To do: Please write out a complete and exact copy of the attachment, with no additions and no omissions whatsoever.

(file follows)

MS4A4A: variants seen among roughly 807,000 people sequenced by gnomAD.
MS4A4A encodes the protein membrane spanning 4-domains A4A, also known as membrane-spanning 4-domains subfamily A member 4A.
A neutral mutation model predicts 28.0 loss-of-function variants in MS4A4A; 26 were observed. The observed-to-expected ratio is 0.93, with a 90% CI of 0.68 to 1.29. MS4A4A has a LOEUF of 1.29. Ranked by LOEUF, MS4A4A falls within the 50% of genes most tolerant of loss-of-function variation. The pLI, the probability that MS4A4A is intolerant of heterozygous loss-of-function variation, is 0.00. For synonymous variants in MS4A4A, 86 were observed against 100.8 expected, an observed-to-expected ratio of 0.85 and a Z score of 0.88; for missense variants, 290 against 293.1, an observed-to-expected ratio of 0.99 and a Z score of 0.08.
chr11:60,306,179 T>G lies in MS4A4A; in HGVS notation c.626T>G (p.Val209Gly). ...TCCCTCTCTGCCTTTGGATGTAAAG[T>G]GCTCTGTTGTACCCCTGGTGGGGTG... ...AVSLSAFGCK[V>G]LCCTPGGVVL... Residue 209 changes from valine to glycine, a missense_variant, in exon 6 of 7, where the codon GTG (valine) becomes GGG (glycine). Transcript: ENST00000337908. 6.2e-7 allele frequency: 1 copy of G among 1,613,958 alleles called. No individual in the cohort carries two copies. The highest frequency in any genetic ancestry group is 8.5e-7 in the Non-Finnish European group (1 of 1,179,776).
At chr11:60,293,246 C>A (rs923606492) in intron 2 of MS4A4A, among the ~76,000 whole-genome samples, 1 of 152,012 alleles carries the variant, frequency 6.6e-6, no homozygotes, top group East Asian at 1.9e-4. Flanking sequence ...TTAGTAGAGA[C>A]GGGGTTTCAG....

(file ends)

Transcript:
MS4A4A: variants seen among roughly 807,000 people sequenced by gnomAD.
MS4A4A encodes the protein membrane spanning 4-domains A4A, also known as membrane-spanning 4-domains subfamily A member 4A.
A neutral mutation model predicts 28.0 loss-of-function variants in MS4A4A; 26 were observed. The observed-to-expected ratio is 0.93, with a 90% CI of 0.68 to 1.29. MS4A4A has a LOEUF of 1.29. Ranked by LOEUF, MS4A4A falls within the 50% of genes most tolerant of loss-of-function variation. The pLI, the probability that MS4A4A is intolerant of heterozygous loss-of-function variation, is 0.00. For synonymous variants in MS4A4A, 86 were observed against 100.8 expected, an observed-to-expected ratio of 0.85 and a Z score of 0.88; for missense variants, 290 against 293.1, an observed-to-expected ratio of 0.99 and a Z score of 0.08.
chr11:60,306,179 T>G lies in MS4A4A; in HGVS notation c.626T>G (p.Val209Gly). ...TCCCTCTCTGCCTTTGGATGTAAAG[T>G]GCTCTGTTGTACCCCTGGTGGGGTG... ...AVSLSAFGCK[V>G]LCCTPGGVVL... Residue 209 changes from valine to glycine, a missense_variant, in exon 6 of 7, where the codon GTG (valine) becomes GGG (glycine). Transcript: ENST00000337908. 6.2e-7 allele frequency: 1 copy of G among 1,613,958 alleles called. No individual in the cohort carries two copies. The highest frequency in any genetic ancestry group is 8.5e-7 in the Non-Finnish European group (1 of 1,179,776).
At chr11:60,293,246 C>A (rs923606492) in intron 2 of MS4A4A, among the ~76,000 whole-genome samples, 1 of 152,012 alleles carries the variant, frequency 6.6e-6, no homozygotes, top group East Asian at 1.9e-4. Flanking sequence ...TTAGTAGAGA[C>A]GGGGTTTCAG....